In the case of the above-mentioned waxes based on montan wax and in the case of the hydrocarbon waxes and their oxidates, as well as in the case of the natural waxes, mixtures of several representatives of the respective group may be employed.
The drop point, the acid number and the saponification number are determined according to the standard methods of the German Society for Fat Research (DGF):
______________________________________Drop point DGF-M-III 3 (75) (DP)Acid number DGF-M-IV 2 (57) (AN)Saponification number DGF-M-IV 2 (57) (SN)______________________________________
The softening point (SP) is determined according to DGF-M-III 13 (75).
By the term "basic saponifying agents" there are to be understood alkali metal and alkaline earth metal hydroxides, especially alkali metal hydroxides, such as NaOH, KOH, LiOH, amines, for example triethanolamine, diethylaminoethanol, aminomethyl propanol as well as ammonia. Particularly suitable are lithium and potassium hydroxide. The alkali metal hydroxides are advantageously used as aqueous solutions of 5 to 50% by weight. The amount of basic saponifying agent is generally in the range of from 0.01 to 3.0, preferably 0.02 to 1, and especially 0.02 to 0.5%, by weight, calculated on 100% saponifying agent and emulsion amount.
The preservative of the invention further contains from 0.5 to 8, preferably 2 to 6 and especially 2 to 4%, by weight of an emulsifier. Said agent may be an anionic emulsifier (for example an alkane sulfonate or a petroleum sulfonate), a cationic emulsifier (for example fatty amines, sec. and tert, alkoxy amines, quaternary ammonium compounds), or a non-ionogenic emulsifier (for example alkyl phenols, oxethylated fatty alcohols with from about 5 to 25 mols of ethylene oxide). It is also possible to combine the emulsifiers with one another, preference being given to alkane sulfonates.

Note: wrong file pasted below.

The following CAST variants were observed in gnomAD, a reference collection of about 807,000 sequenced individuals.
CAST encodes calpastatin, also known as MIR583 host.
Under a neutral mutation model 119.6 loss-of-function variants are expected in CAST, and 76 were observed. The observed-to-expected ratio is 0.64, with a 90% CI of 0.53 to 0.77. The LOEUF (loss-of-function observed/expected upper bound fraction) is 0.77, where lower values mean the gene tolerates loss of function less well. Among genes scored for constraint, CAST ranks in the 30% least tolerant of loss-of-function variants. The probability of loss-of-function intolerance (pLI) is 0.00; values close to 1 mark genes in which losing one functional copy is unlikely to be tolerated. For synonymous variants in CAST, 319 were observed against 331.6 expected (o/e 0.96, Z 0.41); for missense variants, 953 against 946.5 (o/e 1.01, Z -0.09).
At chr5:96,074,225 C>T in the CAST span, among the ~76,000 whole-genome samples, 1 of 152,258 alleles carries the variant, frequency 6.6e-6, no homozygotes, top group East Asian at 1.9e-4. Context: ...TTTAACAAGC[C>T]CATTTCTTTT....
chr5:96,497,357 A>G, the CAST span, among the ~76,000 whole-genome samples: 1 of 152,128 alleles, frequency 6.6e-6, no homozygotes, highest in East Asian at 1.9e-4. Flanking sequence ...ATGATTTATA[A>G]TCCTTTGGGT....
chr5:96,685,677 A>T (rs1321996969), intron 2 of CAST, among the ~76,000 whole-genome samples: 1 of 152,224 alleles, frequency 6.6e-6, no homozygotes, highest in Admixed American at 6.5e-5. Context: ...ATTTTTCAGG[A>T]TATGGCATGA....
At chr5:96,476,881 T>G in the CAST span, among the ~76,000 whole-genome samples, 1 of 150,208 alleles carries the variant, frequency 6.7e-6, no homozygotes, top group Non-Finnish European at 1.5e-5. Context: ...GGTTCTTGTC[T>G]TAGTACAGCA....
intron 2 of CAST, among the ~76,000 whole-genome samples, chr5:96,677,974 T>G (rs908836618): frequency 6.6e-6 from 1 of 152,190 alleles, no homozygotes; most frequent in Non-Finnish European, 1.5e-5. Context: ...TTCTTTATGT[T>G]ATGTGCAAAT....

The water contained in the emulsions should be demineralized, if possible. The amount is measured such that there are always 100 parts by weight of ready-made emulsion, in which there are contained at least 50% by weight of water. Finally, corrosion inhibitors, for example alkanolamine salts of nitrogen-containing condensation products, or substances serving as processing auxiliaries, for example from 0.001 to 0.05% by weight (calculated on the basic emulsion) of a wetting or levelling agent, for example a fluorine surfactant, and/or from 0.5 to 3% by weight of an oxethylated fatty alcohol and/or an alkylphenol, may also be added to the preservative emulsion.
For preparing the preservative of the invention, the waxes are melted at a temperature of from about 100° to 130° C., then the saponifying agent is added, and the mixture is maintained at this temperature for about 5 to 15 minutes. Thereafter the emulsifier is added, and the batch is emulsified by mixing it with water, while stirring. The water is optionally added to the wax melt, or the latter is introduced by stirring into the water being present. In this manner, emulsions of up to 50% strength may be obtained as required. With emulsions of 25 to 30% strength, which are preferred, films having a thickness of the dry film of from about 10 to 15 microns may be obtained. The emulsions should be applied with spray guns operating according to the combination spraying process (material pressure=airless+additional air coating at the spray nozzle). If the spraying is effected according to the airless method or with compressed air only, irregular films might be obtained.
The preservative of the invention has the following advantages:
1. No autoclave is required for the emulsification which may be carried out in the open vessel.
2. The emulsions are very finely divided and stable to storage for several weeks.
3. They form on freshly lacquered surfaces as well as on bright metal parts uniformly closed films which show a thickness of the dry layer of 15 microns when 30% emulsions are applied.